I realise that one of the girls you started school with all those years ago is missing. She was in a car accident last year. I am suddenly very angry, as I often am these days, about the good or bad luck that is handed to some and not to others for no reason, no reason at all. A young friend recently told me a piece of wisdom she heard; as women get older, she says, we need to remember to cultivate our wildness. I can’t think of anything less true – the older I get, the closer my natural wildness cruises to the surface, all by itself. Ready to bite. No cultivating required. If this comes as something of a relief after far too many years of holding my tongue and laughing at sexist jokes out of politeness, it is also a bit alarming. Well, to others, anyway.

I see another child I know, and think: I can remember your mum before she even had you at all. Tell that to a teenager and see a flicker of existential uncertainty in their eyes! But that would be needlessly cruel. The Class of 2020 has been through enough trials this year so I relent and leave these tender, putative adults with the belief that they have always been the centre of our gaze and always will be. The art teacher is making a wonderful speech that is just a lot of in-jokes for his students, incomprehensible to the parents. But he loses his audience a bit at the end by telling them they are all stardust, just as important and insignificant as everything else in the universe. It’s a beautiful thought but they’re not ready for it yet. I can see your eyes glaze over.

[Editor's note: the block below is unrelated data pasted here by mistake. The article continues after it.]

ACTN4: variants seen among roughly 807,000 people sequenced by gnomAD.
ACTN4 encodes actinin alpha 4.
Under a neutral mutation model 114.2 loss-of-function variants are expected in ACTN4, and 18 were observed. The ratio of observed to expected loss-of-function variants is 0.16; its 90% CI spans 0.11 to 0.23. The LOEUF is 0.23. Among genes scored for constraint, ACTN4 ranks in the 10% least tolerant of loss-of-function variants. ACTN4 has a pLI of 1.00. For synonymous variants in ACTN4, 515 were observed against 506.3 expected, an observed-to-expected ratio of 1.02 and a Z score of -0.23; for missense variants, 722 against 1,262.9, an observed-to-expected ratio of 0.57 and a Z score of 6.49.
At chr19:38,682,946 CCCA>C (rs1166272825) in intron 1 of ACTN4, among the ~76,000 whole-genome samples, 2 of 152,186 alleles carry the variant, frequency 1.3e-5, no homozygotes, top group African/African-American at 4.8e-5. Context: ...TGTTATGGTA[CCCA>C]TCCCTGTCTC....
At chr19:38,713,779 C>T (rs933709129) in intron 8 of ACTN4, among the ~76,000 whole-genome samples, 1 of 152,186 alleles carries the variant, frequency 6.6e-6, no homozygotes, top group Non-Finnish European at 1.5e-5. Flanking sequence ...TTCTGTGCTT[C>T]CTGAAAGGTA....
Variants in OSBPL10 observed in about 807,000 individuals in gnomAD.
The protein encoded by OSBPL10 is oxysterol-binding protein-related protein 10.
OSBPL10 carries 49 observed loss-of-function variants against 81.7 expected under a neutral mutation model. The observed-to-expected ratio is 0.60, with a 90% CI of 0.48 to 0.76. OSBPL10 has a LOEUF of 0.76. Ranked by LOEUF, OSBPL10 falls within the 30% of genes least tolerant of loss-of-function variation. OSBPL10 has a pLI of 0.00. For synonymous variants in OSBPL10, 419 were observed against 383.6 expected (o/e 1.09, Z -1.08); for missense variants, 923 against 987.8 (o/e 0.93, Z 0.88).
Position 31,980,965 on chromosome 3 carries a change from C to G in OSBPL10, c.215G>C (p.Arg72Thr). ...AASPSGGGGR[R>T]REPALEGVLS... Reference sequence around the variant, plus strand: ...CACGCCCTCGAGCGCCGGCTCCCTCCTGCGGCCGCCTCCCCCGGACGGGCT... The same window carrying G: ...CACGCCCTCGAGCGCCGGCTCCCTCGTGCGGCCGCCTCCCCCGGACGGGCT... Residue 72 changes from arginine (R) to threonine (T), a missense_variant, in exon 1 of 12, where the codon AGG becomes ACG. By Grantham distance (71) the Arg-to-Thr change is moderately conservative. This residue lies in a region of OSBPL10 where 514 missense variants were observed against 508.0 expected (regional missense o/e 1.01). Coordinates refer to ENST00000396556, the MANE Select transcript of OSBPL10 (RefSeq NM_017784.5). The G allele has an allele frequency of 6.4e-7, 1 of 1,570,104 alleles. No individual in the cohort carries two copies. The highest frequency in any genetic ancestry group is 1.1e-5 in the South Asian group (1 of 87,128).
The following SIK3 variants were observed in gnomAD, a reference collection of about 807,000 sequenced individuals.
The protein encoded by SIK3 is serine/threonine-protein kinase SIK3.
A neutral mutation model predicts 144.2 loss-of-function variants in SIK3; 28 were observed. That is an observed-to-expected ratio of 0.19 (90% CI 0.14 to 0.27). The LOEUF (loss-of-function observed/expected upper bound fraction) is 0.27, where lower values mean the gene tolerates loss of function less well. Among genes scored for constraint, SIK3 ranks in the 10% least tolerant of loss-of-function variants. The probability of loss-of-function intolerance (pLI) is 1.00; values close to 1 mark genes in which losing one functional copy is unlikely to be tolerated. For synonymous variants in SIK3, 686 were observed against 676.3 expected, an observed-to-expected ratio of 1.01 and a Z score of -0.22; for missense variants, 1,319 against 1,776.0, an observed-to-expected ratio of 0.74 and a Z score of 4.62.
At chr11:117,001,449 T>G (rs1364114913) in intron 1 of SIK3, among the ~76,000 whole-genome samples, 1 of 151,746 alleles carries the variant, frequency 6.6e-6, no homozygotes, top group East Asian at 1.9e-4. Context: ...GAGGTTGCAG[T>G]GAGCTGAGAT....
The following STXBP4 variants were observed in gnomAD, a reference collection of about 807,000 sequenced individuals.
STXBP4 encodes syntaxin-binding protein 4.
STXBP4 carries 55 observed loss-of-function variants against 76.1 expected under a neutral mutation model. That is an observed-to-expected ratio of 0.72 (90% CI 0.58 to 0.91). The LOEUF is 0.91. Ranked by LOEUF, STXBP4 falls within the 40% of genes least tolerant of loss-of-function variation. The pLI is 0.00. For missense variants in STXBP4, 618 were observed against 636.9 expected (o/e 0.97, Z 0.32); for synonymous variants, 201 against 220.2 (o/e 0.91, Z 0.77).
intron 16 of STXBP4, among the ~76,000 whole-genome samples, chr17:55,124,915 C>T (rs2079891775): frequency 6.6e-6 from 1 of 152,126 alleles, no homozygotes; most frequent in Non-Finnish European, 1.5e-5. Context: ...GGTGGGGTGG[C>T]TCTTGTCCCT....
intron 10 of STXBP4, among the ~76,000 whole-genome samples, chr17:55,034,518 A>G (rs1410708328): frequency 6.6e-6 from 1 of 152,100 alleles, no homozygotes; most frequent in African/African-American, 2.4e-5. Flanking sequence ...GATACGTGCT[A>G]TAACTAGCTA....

Summer 2002 (Photo: Amanda Thompson)

I know you don’t need me anymore and I’m happy with that. It’s the way it should be. You’ll be fine and so will I. So much absolute bullshit gets said about the tragedy of the mother with an empty nest, the horror of her drooping, menopausal, into the invisibility of old age, rendered helpless with the loss of her vaginal fluids. I hear so much about drying up I sometimes imagine that I will just endlessly shrivel, smaller and smaller until I am no more than a pile of sentient dust on my 60th birthday. None of this bewailing is relatable to me. I got lost for a while, but now I’m back. I love being older, my interest in being interesting to others long gone. Nobody notices me and nobody cares what I do. It’s insanely liberating– has an old woman ever told you that?

You’ll be fine and so will I, but I still witter on and on trying to get the last bit of practical wisdom into you before you go to your pesky final exams. Your teachers do it, too. We all do it. I can sense you growing stiff with boredom at all these adults around you, pouring our silly advice into your brain. Most of it probably irrelevant to you anyway. I think about your head getting so full of information that it becomes heavy and comically wobbly on your shoulders, which I guess is why your Airpods are stuffed in your ears 24/7 these days, to keep all that shit you’ve had to learn from falling out. You never hear me coming up behind you and every time you see me you jump; “Jeeeeeez, Mum!” as if you are surprised I still live here. The feeling is mutual, kid.

Soon, very soon, you’ll be gone. You tell me you can’t wait. There’s so much important advice I still want to give you about never apologising for asking a question and how to find a good GP and buy yourself a quality raincoat and how to make cheese sauce and not to feel guilty about saying no, but you won’t wait, you tell me you’re ready.

I believe you. Maybe it’s true. Anyway. You’ll always be fine and so will I.